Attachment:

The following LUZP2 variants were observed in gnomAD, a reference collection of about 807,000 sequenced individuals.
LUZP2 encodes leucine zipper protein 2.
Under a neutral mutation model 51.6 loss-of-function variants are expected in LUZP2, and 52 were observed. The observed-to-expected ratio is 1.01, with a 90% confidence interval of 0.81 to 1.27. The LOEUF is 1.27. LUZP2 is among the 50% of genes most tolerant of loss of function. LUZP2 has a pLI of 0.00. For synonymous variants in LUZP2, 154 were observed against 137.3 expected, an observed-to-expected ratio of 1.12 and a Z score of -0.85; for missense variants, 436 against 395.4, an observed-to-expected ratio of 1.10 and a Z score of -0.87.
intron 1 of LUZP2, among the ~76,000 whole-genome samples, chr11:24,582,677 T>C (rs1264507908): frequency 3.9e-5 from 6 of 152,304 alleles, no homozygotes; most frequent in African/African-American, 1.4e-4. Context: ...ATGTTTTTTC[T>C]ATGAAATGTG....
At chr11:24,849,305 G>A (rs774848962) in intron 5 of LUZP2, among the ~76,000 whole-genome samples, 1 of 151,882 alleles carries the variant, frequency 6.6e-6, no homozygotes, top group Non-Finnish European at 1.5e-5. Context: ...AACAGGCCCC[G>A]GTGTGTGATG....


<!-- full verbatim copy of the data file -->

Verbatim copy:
The following LUZP2 variants were observed in gnomAD, a reference collection of about 807,000 sequenced individuals.
LUZP2 encodes leucine zipper protein 2.
Under a neutral mutation model 51.6 loss-of-function variants are expected in LUZP2, and 52 were observed. The observed-to-expected ratio is 1.01, with a 90% confidence interval of 0.81 to 1.27. The LOEUF is 1.27. LUZP2 is among the 50% of genes most tolerant of loss of function. LUZP2 has a pLI of 0.00. For synonymous variants in LUZP2, 154 were observed against 137.3 expected, an observed-to-expected ratio of 1.12 and a Z score of -0.85; for missense variants, 436 against 395.4, an observed-to-expected ratio of 1.10 and a Z score of -0.87.
intron 1 of LUZP2, among the ~76,000 whole-genome samples, chr11:24,582,677 T>C (rs1264507908): frequency 3.9e-5 from 6 of 152,304 alleles, no homozygotes; most frequent in African/African-American, 1.4e-4. Context: ...ATGTTTTTTC[T>C]ATGAAATGTG....
At chr11:24,849,305 G>A (rs774848962) in intron 5 of LUZP2, among the ~76,000 whole-genome samples, 1 of 151,882 alleles carries the variant, frequency 6.6e-6, no homozygotes, top group Non-Finnish European at 1.5e-5. Context: ...AACAGGCCCC[G>A]GTGTGTGATG....